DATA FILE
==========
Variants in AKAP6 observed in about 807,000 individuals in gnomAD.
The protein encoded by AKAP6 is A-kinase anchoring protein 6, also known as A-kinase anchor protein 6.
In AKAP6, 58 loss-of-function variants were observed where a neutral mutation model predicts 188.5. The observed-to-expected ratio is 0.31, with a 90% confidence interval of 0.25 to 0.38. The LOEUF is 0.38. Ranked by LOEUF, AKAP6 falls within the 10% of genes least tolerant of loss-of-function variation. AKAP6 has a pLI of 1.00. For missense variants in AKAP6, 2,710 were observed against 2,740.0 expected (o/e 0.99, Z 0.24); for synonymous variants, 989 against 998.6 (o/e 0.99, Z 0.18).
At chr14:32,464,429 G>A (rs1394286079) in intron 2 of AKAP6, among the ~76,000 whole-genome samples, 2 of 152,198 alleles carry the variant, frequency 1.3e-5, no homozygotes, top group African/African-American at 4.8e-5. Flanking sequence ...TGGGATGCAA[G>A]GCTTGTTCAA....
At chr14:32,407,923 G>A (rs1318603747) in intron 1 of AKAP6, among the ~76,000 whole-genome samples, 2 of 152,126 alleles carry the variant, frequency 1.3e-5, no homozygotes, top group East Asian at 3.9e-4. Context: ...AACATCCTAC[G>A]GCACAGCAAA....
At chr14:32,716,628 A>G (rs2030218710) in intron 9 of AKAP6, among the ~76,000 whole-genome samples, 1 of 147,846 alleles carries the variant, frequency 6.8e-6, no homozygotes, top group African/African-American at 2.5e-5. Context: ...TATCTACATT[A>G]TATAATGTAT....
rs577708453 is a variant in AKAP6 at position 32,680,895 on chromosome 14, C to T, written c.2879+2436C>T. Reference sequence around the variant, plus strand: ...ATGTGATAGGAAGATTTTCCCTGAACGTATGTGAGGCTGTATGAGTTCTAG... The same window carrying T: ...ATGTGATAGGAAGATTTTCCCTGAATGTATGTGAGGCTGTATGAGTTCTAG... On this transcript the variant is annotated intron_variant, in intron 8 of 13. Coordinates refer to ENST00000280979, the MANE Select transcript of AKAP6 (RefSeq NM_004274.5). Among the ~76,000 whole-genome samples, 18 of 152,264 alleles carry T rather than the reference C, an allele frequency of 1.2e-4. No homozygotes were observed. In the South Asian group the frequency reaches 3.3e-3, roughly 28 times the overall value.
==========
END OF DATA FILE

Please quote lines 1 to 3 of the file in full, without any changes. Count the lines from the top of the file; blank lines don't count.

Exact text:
Variants in AKAP6 observed in about 807,000 individuals in gnomAD.
The protein encoded by AKAP6 is A-kinase anchoring protein 6, also known as A-kinase anchor protein 6.
In AKAP6, 58 loss-of-function variants were observed where a neutral mutation model predicts 188.5. The observed-to-expected ratio is 0.31, with a 90% confidence interval of 0.25 to 0.38. The LOEUF is 0.38. Ranked by LOEUF, AKAP6 falls within the 10% of genes least tolerant of loss-of-function variation. AKAP6 has a pLI of 1.00. For missense variants in AKAP6, 2,710 were observed against 2,740.0 expected (o/e 0.99, Z 0.24); for synonymous variants, 989 against 998.6 (o/e 0.99, Z 0.18).